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James King, chief executive at development platform Flows, took to the stage at iGaming NEXT: Valletta ’21, to argue that one of the key limiting factors which slows innovation in the iGaming industry is the number of people who have the technological capability to deliver new ideas.

While businesses such as Ikea have empowered customers to build their own furniture, and Amazon has empowered sellers to have access to a global marketplace, the ability to innovate at speed and quickly react to change and trends doesn’t exist in the iGaming industry, he argued.

There is no lack of ideas in our industry, King said, but our ability to deliver is held back by legacy systems, and more importantly, legacy mentalities.

These mentalities have built high walls around gaming businesses, and prevented companies from sharing best practices, he added, but it is time for this to change during the digital revolution currently taking place.

King argued that the Covid-19 pandemic has demonstrated the need to improve digital delivery within iGaming – the situation has placed additional pressure and responsibility upon technology and IT teams, and added more steps into already overcrowded roadmaps, he said.

Changes in the US have also shown that iGaming is going mainstream – and coming to be seen as a true entertainment industry. But this has caused large businesses from outside the gambling space to enter the industry, including Disney, which has a market capitalisation of around $300bn.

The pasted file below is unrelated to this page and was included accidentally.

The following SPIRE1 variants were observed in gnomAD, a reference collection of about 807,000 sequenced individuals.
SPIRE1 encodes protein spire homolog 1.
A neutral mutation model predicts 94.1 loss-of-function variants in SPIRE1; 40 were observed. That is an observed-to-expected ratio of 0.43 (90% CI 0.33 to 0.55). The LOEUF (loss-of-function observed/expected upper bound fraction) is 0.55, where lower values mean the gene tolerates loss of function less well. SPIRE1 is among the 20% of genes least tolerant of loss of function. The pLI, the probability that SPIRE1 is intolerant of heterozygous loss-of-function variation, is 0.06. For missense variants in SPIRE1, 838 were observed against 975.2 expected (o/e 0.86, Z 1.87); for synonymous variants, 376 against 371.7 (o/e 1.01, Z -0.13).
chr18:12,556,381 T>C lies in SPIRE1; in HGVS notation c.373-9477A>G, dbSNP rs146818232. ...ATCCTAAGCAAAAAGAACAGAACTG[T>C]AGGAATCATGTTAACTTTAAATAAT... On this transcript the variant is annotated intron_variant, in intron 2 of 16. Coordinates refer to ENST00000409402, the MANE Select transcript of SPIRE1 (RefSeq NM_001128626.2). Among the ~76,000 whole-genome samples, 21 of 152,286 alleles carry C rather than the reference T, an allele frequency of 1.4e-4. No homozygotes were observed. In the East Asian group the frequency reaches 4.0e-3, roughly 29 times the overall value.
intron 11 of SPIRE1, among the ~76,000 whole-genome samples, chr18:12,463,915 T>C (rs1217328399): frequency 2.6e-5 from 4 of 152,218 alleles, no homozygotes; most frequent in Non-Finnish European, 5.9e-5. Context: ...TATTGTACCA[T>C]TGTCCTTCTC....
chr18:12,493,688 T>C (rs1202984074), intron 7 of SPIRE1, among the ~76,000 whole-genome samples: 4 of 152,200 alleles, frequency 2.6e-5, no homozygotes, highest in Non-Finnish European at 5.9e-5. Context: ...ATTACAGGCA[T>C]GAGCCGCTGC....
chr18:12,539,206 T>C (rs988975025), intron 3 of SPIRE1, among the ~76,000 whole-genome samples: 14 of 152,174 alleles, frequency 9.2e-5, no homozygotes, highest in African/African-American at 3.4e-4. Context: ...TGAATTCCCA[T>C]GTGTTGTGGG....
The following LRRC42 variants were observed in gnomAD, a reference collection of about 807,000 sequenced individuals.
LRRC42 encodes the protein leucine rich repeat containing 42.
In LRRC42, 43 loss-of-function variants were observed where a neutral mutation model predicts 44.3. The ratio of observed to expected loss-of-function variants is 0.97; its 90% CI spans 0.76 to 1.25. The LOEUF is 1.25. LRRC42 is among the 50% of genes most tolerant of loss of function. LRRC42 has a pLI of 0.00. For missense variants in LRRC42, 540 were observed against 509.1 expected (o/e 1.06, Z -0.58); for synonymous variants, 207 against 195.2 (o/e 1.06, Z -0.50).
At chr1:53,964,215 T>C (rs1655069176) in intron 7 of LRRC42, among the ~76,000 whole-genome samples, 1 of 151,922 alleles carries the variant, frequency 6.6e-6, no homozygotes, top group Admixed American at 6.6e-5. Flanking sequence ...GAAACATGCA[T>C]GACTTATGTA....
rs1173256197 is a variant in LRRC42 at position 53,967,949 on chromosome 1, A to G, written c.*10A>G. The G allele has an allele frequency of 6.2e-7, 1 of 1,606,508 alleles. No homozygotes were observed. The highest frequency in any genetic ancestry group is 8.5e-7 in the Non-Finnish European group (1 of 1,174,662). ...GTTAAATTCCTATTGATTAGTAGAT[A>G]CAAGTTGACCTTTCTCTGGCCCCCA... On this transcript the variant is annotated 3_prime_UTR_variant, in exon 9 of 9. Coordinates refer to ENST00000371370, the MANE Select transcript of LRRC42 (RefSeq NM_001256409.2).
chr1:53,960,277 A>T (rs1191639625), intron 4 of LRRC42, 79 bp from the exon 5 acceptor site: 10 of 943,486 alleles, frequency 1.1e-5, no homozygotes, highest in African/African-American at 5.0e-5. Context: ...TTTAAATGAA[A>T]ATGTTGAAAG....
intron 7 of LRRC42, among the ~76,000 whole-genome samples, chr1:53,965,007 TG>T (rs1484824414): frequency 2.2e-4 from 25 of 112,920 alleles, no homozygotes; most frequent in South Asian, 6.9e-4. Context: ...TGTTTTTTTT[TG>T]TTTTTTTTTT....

This, he said, is why it is so important for businesses to be able to innovate quickly, in a frictionless manner.

King then introduced the audience to Flows, “the innovation platform that sets your ideas free”.

Flows is a self-service platform for innovation and digital empowerment, helping to accelerate the delivery of digital products and allowing teams to build features and applications “in minutes, instead of months.”

Prompted by event MC and host Oisin Lunny to prove this claim, King invited chief technical officer at Flows, Mike Broughton, to the stage, to demonstrate the capabilities of the platform in real time.

In the space of a few minutes, Broughton showed the audience how easily a team could add features to a game – by creating a new ‘bad luck’ pop-up correspondence to be sent to customers following a 3-round loss on a slot game.

But the platform is capable of much more than such simple features – it can also be used for authentications, risk and fraud analysis, and checks on payment providers.

“If you think it, ultimately, you can Flow it,” King concluded.

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